Virtual Flaw Leads to Cloud

Tuesday, October 7, 2014 @ 11:10 PM gHale


A patch is available to ward off a malicious hardware virtual machine (HVM) from reading the data from other guests available in the Xen hypervisor.

Xen is an open-source solution for providing virtual private servers, used in cloud computing services like Amazon EC2 (Elastic Compute Cloud) and Rackspace Cloud.

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By leveraging this vulnerability, assigned the CVE-2014-7188 identifier, an attacker could read information from virtual machines running on the same hardware and managed through Xen.

As per Xen’s security advisory, the problem stems from the fact “the MSR range specified for APIC use in the x2APIC access model spans 256 MSRs. Hypervisor code emulating read and write accesses to these MSRs erroneously covered 1024 MSRs.”

Despite the write emulation path created so access to the additional MSRs does not have a negative impact on the other MSRs, “the read path would (attempt to) access memory beyond the single page set up for APIC emulation,” the advisory said.

As a result of the glitch, the host machine could end up crashed or information from other virtual machines and attackers could gain access to the hypervisor itself.

A patch is available to fix the problem that affects Xen 4.1 and up on x86 systems (ARM is not affected).

Credited to Jan Beulich at SUSE, information for CVE-2014-7188 was available to cloud providers prior to its public disclosure, to allow them to take the necessary actions for protecting their customers.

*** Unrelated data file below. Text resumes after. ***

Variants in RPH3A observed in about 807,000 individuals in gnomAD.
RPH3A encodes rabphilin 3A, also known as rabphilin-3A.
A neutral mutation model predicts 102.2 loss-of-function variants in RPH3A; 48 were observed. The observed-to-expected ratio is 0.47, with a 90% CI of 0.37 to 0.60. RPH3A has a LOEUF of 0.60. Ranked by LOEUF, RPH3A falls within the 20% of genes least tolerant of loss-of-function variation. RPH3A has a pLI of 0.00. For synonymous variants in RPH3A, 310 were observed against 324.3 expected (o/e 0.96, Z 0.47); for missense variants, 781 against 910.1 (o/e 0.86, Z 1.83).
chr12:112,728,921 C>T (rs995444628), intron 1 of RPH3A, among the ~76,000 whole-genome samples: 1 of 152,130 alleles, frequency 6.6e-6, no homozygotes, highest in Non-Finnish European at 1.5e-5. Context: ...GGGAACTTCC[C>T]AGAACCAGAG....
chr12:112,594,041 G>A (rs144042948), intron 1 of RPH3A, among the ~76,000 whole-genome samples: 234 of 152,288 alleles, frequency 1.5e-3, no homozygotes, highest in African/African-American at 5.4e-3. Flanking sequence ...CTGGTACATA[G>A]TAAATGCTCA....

Last week, Amazon started a maintenance update impacting 10 percent of their EC2 systems. This required a reboot of the hardware, making them unavailable for the entire duration of the patching procedure (estimated at a few minutes).

Customers with EC2 instances in multiple availability zones were the least affected by Amazon’s fast action because the data was present in more than one location and could still end up accessed when they would reboot systems in one geographic zone.

“Instances requiring a reboot will be staggered so that no two regions or availability zones are impacted at the same time and they will restart with all saved data and all automated configuration intact,” Amazon said before beginning the system reboots.

The company completed the action on September 30 and said the operation went according to the plan, and that, at the same time, it collaborated with its customers to ensure that everything went smoothly.



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